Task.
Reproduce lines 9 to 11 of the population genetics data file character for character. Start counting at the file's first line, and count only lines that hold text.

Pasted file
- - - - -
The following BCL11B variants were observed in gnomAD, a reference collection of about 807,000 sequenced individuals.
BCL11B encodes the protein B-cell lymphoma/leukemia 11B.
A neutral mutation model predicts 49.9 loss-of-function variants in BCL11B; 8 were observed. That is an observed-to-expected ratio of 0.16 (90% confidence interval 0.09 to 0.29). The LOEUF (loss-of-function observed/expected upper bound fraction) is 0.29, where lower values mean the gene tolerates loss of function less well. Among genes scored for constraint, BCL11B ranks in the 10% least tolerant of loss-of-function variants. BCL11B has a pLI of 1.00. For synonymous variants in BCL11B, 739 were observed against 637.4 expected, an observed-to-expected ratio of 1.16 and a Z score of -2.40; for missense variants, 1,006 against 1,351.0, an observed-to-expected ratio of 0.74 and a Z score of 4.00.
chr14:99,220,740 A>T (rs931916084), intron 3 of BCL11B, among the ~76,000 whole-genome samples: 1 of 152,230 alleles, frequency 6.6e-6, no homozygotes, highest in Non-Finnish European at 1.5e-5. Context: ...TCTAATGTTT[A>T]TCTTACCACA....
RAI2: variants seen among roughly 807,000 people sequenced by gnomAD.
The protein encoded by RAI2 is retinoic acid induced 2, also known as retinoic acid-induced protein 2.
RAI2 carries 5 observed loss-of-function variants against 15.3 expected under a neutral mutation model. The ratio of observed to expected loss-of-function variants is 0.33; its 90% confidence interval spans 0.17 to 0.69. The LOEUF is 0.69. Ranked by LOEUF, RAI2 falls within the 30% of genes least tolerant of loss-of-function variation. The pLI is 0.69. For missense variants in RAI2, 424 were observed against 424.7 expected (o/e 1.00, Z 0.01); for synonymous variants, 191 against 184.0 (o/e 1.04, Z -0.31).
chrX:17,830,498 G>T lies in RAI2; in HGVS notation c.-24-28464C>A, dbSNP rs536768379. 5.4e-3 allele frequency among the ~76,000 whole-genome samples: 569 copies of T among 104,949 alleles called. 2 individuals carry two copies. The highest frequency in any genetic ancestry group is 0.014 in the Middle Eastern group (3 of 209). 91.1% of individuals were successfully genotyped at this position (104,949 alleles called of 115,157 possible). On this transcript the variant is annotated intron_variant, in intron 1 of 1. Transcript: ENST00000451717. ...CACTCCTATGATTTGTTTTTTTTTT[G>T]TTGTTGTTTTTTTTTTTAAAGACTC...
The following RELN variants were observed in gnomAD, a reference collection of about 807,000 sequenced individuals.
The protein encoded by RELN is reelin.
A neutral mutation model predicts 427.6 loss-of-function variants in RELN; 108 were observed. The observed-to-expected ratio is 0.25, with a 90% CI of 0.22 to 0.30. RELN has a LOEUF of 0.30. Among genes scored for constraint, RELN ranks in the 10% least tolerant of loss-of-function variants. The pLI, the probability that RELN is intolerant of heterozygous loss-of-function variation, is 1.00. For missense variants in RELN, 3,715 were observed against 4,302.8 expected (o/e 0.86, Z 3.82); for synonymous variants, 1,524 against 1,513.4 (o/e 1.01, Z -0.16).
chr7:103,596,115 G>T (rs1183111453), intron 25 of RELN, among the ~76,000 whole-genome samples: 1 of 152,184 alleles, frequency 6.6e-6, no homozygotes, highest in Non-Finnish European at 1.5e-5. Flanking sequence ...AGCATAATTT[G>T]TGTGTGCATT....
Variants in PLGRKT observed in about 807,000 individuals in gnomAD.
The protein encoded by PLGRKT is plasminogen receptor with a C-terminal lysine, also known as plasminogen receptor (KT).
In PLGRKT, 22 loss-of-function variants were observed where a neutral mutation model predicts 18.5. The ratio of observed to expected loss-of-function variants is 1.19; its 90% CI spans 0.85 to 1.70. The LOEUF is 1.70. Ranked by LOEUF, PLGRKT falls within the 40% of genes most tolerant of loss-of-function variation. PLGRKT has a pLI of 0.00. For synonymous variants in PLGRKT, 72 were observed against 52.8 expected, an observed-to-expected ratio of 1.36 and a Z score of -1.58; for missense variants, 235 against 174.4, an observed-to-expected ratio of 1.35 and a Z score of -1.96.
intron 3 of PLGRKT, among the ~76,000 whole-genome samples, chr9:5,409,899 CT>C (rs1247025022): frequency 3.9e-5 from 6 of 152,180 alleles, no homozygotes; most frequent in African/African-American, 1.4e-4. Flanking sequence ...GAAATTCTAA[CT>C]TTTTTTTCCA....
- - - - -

The following RELN variants were observed in gnomAD, a reference collection of about 807,000 sequenced individuals.
The protein encoded by RELN is reelin.
A neutral mutation model predicts 427.6 loss-of-function variants in RELN; 108 were observed. The observed-to-expected ratio is 0.25, with a 90% CI of 0.22 to 0.30. RELN has a LOEUF of 0.30. Among genes scored for constraint, RELN ranks in the 10% least tolerant of loss-of-function variants. The pLI, the probability that RELN is intolerant of heterozygous loss-of-function variation, is 1.00. For missense variants in RELN, 3,715 were observed against 4,302.8 expected (o/e 0.86, Z 3.82); for synonymous variants, 1,524 against 1,513.4 (o/e 1.01, Z -0.16).